It was at a similarly chilly time of year back in 2008 that Vampire Weekend released their eponymous debut album. Unseasonably warm, afro-infused pop had my toes tapping for the rest of the year and it remains an album to get all hips wriggling chez nous. The naysayers accused the Ivy League graduates of being too clever with their lyrics about obscure punctuation and architectural features and even of cultural tourism with the African musical influences (let's be honest - if you removed the African musical influences from pop music you'd be left with...well, Chas 'n' Dave. And they've just split up). Personally, I grew up listening to Paul Simon's Graceland so I have no problem bouncing about the room to that kind of thing and I have been looking forward to the release of their sophomore effort.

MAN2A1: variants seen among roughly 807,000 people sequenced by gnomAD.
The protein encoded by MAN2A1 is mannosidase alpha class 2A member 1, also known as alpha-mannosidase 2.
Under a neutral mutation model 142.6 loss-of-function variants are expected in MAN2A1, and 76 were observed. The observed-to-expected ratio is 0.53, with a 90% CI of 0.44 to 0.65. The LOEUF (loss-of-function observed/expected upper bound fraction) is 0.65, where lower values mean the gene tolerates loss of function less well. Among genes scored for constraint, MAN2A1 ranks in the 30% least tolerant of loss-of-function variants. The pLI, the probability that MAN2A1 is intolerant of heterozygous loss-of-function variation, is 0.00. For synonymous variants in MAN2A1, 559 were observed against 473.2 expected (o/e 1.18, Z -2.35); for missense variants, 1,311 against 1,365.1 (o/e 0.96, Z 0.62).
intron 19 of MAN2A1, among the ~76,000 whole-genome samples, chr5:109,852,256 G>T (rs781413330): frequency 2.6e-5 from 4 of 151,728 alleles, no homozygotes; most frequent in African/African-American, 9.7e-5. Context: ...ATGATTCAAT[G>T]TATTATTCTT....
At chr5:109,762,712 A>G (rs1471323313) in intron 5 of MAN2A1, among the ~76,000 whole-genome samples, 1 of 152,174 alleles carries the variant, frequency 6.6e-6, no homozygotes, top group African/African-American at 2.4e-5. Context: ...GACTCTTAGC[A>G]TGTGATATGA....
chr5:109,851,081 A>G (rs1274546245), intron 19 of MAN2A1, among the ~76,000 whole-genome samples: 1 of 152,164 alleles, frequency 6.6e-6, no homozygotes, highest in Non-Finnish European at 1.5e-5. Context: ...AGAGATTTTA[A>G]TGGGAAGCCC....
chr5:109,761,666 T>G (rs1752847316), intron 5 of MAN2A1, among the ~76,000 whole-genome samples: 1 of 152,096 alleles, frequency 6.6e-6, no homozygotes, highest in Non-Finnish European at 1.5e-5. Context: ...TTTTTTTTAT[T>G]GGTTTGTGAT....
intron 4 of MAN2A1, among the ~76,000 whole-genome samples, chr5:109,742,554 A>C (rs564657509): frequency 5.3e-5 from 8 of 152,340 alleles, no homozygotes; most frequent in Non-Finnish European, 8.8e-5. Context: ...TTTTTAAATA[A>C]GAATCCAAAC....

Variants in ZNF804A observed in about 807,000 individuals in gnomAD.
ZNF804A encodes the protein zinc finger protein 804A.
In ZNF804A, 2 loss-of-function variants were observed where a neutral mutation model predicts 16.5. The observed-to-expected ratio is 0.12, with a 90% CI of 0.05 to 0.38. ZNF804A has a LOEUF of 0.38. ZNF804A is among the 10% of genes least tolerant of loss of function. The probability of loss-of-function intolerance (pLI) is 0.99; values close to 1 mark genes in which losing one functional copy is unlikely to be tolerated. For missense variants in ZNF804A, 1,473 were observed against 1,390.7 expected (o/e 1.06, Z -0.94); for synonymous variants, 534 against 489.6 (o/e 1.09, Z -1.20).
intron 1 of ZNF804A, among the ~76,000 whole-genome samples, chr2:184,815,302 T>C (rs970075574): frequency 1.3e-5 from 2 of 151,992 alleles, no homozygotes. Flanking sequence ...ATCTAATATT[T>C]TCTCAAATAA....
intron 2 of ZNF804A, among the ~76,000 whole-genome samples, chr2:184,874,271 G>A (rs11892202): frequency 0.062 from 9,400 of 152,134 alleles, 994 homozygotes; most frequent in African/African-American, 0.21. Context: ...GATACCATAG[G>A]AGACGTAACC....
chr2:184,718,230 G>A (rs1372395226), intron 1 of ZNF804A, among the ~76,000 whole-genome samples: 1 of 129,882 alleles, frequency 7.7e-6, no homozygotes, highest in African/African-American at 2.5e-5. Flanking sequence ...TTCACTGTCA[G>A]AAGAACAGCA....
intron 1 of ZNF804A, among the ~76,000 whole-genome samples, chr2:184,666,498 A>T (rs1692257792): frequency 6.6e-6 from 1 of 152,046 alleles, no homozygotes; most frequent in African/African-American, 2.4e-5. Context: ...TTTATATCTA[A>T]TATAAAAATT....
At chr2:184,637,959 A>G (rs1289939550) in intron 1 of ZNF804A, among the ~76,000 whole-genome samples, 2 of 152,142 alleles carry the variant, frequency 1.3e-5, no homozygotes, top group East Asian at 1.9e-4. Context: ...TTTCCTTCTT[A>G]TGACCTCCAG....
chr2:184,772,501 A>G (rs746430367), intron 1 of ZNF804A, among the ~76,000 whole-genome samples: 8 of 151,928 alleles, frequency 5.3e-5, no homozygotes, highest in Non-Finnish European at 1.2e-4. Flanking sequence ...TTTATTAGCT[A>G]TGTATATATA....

Opening track Horchata will be grist to the mill of the doubters with its subject (a Mexican rice drink) and rhyming - balaclava and aranciata to name but two. For the converted, along with tracks like White Sky, Holiday and the guitar driven Cousins, it is a track that could have come from their previous album, providing more of the same if that's what you're after. Where they depart there are some huge hits and perhaps the odd miss. Some of the tracks that had me worried on my first listen have already become amongst my favourites. One still remains at the risk of being skipped each time though. One day some kind of judicial process will bring Auto-tune to trial for crimes against music but until that time we will have to endure more experiments with it like California English. It is followed however by the beautiful Taxi Cab in which frontman Koenig employs those beautiful, effortless, Paul Simon tones, backed by strings and later harpsichord. How's that for Ivy League! The electronic experimentation is far more successful on Run, a tale of escape that bursts with energy and light. It is an example of a track where the Afro influences are absorbed rather dominant, a good indication of where Vampire Weekend will continue to triumph. Giving Up The Gun is a good example of a track that has really grown on me, sounding first like something from an 80's brat-pack-flick-soundtrack but revealing something lovely with each new listen. The only drawback at the moment is that if M79 had a whiff of Ski-Sunday about it, then the repeated refrain of 'Go on, go on, go on' on this track might just remind you of Mrs Doyle from Father Ted. Sorry, I shouldn't have said that because it certainly will now (if you know what I'm talking about that is). Diplomat's Son is the longest track on a short album, almost two in one, its reggae like rhythm breaking down in places so that piano and strings can plonk and twirl away. There is something haunting and disorienting about closer I Think Ur A Contra which I'm loving. It's often the quieter moments that herald something exciting on this album, although I can't stop jumping around to Cousins either. In spite of those accusations from those against you can't help but admire the ways in which Vampire Weekend are clever and make the most of those influences, combining them with genuine creativity to make something entirely their own. It's early days but this already the first must-have album of the year. What better way to beat the cold-snap than put this on, mix up some horchata, and enjoy.